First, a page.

"We're not engaged in the United Kingdom in looking for somewhere for him to go, (but) that doesn't exclude others doing so," Hague said.

British Prime Minister David Cameron and French President Nicolas Sarkozy called the conference to plot a post-Gaddfi political landscape, as well as to iron out differences over the military mission.

Ten days of air strikes by the United States, France and Britain have allowed anti-Gaddafi fighters to push back westwards, although they were halted near the key city of Sirte on Tuesday.

Gaddafi's forces also swept through Misrata Tuesday, which had been in rebel hands.

French Foreign Minister Alain Juppe acknowledged that arming or training the anti-Gaddafi fighters was not covered in the U.N. Security Council resolutions on Libya.

"Having said that, we are prepared to discuss this with our partners," he told reporters.

Clinton and Hague both said, however, that the issue had not been discussed at the talks.

In a letter addressed to the London meeting, Gaddafi said the offensive was "barbaric and unjust".

Cameron and Qatari Prime Minister Sheikh Hamad Bin Jassem said after the talks they believed Libya could "look forward to a future free from violence, oppression and uncertainty," in an opinion piece for Asharq Al-Awsat, a London based Arabic newspaper.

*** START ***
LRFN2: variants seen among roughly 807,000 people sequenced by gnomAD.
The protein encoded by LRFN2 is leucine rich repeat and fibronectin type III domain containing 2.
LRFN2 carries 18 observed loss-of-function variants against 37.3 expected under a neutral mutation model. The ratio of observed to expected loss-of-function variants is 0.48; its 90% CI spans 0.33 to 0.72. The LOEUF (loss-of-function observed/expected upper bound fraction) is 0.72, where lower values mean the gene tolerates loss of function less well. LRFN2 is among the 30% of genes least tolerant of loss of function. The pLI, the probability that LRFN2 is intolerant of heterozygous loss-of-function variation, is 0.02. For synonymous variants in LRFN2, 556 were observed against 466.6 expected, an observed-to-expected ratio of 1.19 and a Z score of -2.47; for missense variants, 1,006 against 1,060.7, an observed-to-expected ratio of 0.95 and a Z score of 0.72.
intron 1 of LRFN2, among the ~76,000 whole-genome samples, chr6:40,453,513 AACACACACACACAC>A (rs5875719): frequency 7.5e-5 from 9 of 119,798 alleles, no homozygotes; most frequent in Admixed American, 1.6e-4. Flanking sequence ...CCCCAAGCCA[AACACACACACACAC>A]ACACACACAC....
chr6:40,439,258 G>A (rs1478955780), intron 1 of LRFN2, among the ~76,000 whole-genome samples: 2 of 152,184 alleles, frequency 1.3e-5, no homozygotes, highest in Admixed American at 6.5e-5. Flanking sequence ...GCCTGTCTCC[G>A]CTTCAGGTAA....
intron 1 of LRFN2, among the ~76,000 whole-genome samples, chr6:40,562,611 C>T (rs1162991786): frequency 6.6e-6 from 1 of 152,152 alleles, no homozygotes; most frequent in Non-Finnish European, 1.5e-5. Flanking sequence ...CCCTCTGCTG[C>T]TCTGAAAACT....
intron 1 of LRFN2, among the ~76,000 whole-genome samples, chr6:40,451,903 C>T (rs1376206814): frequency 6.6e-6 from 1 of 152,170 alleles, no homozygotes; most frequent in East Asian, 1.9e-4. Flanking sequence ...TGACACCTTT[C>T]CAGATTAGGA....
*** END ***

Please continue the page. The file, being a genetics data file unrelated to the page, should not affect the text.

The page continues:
The pair praised the action of the international community, claiming that the military operation had "saved the city of Benghazi" and "averted a massacre."

Libya's main opposition group, the Transitional National Council, issued a statement at the talks in London vowing to work for free and fair elections in a "modern, free and united state".

Envoy meeting Clinton

The group's envoy, Mahmud Jibril, was also in London. While not invited to attend the conference, he met with Clinton, Hague and the foreign ministers of France and Germany on the sidelines.

A senior administration official said the U.S. will soon send an envoy to Libya to deepen relations with the opposition leaders. But the official, who spoke on condition of anonymity to discuss internal planning, said the meeting wouldn't constitute formal recognition.

While NATO finally agreed Sunday to take over full command of military operations in Libya from a U.S.-led coalition, the handover has been put back by 24 hours until Thursday.

While Britain, France and the United States have driven forward the military action on Libya, they have been determined to ensure Arab nations are seen to be supporting their efforts.

Iraq, Jordan, the United Arab Emirates, Lebanon, Qatar, Tunisia and Morocco were all represented in London.

But several Arab states did not attend the meeting, which set up the Libya "contact group".

They included Egypt, where pro-democracy protesters forced Hosni Mubarak from power last month; and Algeria, where President Abdelaziz Bouteflika has been confronted with a wave of protests by pro-reform activists.

Amr Mussa, the Arab League chief, was represented by an ambassador after declining to take up his invitation.